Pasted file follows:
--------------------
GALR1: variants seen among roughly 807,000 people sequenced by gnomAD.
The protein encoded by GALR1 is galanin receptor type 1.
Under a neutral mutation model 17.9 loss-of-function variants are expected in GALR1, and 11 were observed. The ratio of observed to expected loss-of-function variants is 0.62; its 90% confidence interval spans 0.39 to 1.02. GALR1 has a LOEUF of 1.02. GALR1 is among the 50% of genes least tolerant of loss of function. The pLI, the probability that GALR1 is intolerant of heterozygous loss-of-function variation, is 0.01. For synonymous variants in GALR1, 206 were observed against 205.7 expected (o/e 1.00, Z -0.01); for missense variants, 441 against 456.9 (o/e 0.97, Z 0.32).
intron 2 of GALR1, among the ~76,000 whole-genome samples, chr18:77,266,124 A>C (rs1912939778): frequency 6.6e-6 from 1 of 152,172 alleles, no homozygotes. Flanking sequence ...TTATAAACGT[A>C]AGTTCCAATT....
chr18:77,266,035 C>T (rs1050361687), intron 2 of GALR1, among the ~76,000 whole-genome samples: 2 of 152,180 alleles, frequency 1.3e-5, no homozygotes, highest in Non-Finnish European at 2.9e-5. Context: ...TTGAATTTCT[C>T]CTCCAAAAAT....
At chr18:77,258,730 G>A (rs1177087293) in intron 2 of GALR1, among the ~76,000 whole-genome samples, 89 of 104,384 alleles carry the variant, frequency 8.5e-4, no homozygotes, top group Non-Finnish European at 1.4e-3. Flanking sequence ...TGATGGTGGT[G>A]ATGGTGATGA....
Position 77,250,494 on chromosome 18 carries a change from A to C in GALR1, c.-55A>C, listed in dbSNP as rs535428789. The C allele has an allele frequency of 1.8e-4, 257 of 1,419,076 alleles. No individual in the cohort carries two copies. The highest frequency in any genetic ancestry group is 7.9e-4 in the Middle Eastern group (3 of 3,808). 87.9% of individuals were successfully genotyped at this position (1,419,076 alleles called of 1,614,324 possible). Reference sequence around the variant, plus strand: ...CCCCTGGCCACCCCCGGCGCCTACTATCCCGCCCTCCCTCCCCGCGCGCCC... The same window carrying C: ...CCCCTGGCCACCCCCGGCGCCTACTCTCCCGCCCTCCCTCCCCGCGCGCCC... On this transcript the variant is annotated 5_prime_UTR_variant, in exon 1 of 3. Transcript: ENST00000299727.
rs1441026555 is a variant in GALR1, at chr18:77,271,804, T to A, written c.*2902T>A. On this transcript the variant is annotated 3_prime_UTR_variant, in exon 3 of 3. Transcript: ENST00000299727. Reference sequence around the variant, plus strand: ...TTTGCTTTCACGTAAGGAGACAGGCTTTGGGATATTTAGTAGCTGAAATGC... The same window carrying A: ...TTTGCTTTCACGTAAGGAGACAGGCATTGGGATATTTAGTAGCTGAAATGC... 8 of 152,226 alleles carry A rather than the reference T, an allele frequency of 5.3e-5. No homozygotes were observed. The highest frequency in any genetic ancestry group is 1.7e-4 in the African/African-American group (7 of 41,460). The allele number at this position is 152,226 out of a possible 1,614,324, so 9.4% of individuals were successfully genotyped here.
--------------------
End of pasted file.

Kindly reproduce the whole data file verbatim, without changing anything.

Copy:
GALR1: variants seen among roughly 807,000 people sequenced by gnomAD.
The protein encoded by GALR1 is galanin receptor type 1.
Under a neutral mutation model 17.9 loss-of-function variants are expected in GALR1, and 11 were observed. The ratio of observed to expected loss-of-function variants is 0.62; its 90% confidence interval spans 0.39 to 1.02. GALR1 has a LOEUF of 1.02. GALR1 is among the 50% of genes least tolerant of loss of function. The pLI, the probability that GALR1 is intolerant of heterozygous loss-of-function variation, is 0.01. For synonymous variants in GALR1, 206 were observed against 205.7 expected (o/e 1.00, Z -0.01); for missense variants, 441 against 456.9 (o/e 0.97, Z 0.32).
intron 2 of GALR1, among the ~76,000 whole-genome samples, chr18:77,266,124 A>C (rs1912939778): frequency 6.6e-6 from 1 of 152,172 alleles, no homozygotes. Flanking sequence ...TTATAAACGT[A>C]AGTTCCAATT....
chr18:77,266,035 C>T (rs1050361687), intron 2 of GALR1, among the ~76,000 whole-genome samples: 2 of 152,180 alleles, frequency 1.3e-5, no homozygotes, highest in Non-Finnish European at 2.9e-5. Context: ...TTGAATTTCT[C>T]CTCCAAAAAT....
At chr18:77,258,730 G>A (rs1177087293) in intron 2 of GALR1, among the ~76,000 whole-genome samples, 89 of 104,384 alleles carry the variant, frequency 8.5e-4, no homozygotes, top group Non-Finnish European at 1.4e-3. Flanking sequence ...TGATGGTGGT[G>A]ATGGTGATGA....
Position 77,250,494 on chromosome 18 carries a change from A to C in GALR1, c.-55A>C, listed in dbSNP as rs535428789. The C allele has an allele frequency of 1.8e-4, 257 of 1,419,076 alleles. No individual in the cohort carries two copies. The highest frequency in any genetic ancestry group is 7.9e-4 in the Middle Eastern group (3 of 3,808). 87.9% of individuals were successfully genotyped at this position (1,419,076 alleles called of 1,614,324 possible). Reference sequence around the variant, plus strand: ...CCCCTGGCCACCCCCGGCGCCTACTATCCCGCCCTCCCTCCCCGCGCGCCC... The same window carrying C: ...CCCCTGGCCACCCCCGGCGCCTACTCTCCCGCCCTCCCTCCCCGCGCGCCC... On this transcript the variant is annotated 5_prime_UTR_variant, in exon 1 of 3. Transcript: ENST00000299727.
rs1441026555 is a variant in GALR1, at chr18:77,271,804, T to A, written c.*2902T>A. On this transcript the variant is annotated 3_prime_UTR_variant, in exon 3 of 3. Transcript: ENST00000299727. Reference sequence around the variant, plus strand: ...TTTGCTTTCACGTAAGGAGACAGGCTTTGGGATATTTAGTAGCTGAAATGC... The same window carrying A: ...TTTGCTTTCACGTAAGGAGACAGGCATTGGGATATTTAGTAGCTGAAATGC... 8 of 152,226 alleles carry A rather than the reference T, an allele frequency of 5.3e-5. No homozygotes were observed. The highest frequency in any genetic ancestry group is 1.7e-4 in the African/African-American group (7 of 41,460). The allele number at this position is 152,226 out of a possible 1,614,324, so 9.4% of individuals were successfully genotyped here.